The Rev. Paul Knight, who led the service, told CNN that those attending "rejoiced in what Jo was able to accomplish in her short time in Parliament."
"She was a shining example of the way we ... should work together," he said.
He delivered a sermon on the parable of the Good Samaritan as an appropriate example of how people should help others, "whatever their creed," as Cox -- a former aid worker who advocated for Syrian refugees and other causes -- had done.
Cox was a vocal supporter of Britain remaining in the EU. When the suspect in her killing
, 52-year-old Tommy Mair, appeared in court charged with murder and other offenses Saturday, he said, "my name is death to traitors, freedom for Britain."
Rival rallies in London
Cox's killing shocked the nation and brought a temporary halt to the bitter campaigning that has taken place for months leading up to Thursday's national referendum.
Both the "Leave" and "Remain" campaigns, which have been neck-and-neck in the polls, resumed their official activities Sunday with rival rallies in London.
At a "Leave" event at Old Billingsgate, MP and leading "Brexit" advocate Boris Johnson told attendees that Britain was "at its best when we believe in ourselves."
"This is our moment," he said to cheers.
"Let us go forward with quiet, polite determination over the next four days and let's do this thing. Let's do it together. Let's take back control."
At a rally across town in Hyde Park, "Remain" supporters arranged themselves to spell out the word "In" for an aerial photograph. A minute's silence in tribute to Cox was observed beforehand.
Hopes for less 'toxic' campaigning
With passions running high over such a momentous decision affecting the strategic future of the country, the debate leading up to Thursday's referendum has often been rancorous.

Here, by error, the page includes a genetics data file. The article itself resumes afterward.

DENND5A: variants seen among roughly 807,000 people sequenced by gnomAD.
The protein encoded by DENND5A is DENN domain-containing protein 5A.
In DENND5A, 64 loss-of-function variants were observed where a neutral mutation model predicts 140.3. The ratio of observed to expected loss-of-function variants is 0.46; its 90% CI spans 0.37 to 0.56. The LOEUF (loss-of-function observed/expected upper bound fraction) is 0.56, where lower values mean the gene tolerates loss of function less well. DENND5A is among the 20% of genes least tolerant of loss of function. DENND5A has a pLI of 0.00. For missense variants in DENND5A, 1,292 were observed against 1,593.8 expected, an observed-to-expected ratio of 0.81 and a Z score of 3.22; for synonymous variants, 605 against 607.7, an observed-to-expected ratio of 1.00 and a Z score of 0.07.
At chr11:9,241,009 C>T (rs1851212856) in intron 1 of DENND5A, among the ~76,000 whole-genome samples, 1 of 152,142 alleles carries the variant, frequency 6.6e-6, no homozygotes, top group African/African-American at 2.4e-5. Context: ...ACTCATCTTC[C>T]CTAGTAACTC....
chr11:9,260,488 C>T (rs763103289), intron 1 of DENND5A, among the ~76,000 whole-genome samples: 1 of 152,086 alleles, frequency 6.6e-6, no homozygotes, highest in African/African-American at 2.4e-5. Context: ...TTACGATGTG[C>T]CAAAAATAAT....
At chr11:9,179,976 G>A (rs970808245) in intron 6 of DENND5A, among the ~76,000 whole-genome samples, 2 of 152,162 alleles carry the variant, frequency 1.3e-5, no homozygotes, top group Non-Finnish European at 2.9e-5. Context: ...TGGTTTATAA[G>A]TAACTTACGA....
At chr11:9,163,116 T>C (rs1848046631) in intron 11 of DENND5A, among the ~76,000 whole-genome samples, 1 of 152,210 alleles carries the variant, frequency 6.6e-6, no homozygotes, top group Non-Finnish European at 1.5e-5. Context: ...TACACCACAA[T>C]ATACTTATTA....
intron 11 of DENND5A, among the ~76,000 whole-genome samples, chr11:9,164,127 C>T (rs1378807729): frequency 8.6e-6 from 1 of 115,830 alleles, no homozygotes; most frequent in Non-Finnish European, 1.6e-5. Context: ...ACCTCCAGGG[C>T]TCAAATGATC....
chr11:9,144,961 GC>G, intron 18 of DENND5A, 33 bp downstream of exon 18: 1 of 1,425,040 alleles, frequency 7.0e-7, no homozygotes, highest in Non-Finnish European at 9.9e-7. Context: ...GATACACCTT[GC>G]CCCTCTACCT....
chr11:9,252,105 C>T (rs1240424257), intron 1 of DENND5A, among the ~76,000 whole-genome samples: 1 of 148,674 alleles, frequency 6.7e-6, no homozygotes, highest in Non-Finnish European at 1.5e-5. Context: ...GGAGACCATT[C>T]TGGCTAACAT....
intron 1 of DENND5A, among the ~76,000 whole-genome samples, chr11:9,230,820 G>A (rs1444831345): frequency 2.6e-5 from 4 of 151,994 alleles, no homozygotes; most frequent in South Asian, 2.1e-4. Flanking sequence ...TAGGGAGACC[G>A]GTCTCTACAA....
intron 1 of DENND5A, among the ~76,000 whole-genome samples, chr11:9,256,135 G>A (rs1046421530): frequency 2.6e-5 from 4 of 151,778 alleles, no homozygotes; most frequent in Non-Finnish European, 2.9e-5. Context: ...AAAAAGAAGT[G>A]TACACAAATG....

Figures on both sides have been accused of lying and making up their arguments, and the debate has repeatedly centered around politically incendiary issues such as immigration.
But observers are predicting that both sides will attempt to strike a more measured tone as they make their case following Cox's killing.
Speaking Sunday, Johnson went to lengths to describe himself as "pro-immigration," saying he was a descendant of Turkish immigrants, and he backed an amnesty for illegal immigrants who had been in the country for 12 years. Rather than focusing on the perceived threat of rising immigration, he framed the "Leave" argument as a move to "take back control" of Britain.
Joe Mulhall, research editor for anti-extremist advocacy group Hope Not Hate, told CNN that while he hoped the debate would become less "toxic" in the days leading up to the referendum, he did not have "complete confidence in that."
"Every time we thought it had got as bad as it could have, it's gone and got worse," he said.
Cox's seat in Parliament
Major political parties have publicly announced they will not contest the late politician's seat in the by-election out of respect, but one former British National Party member has ruffled feathers with his announcement to take on Cox's seat.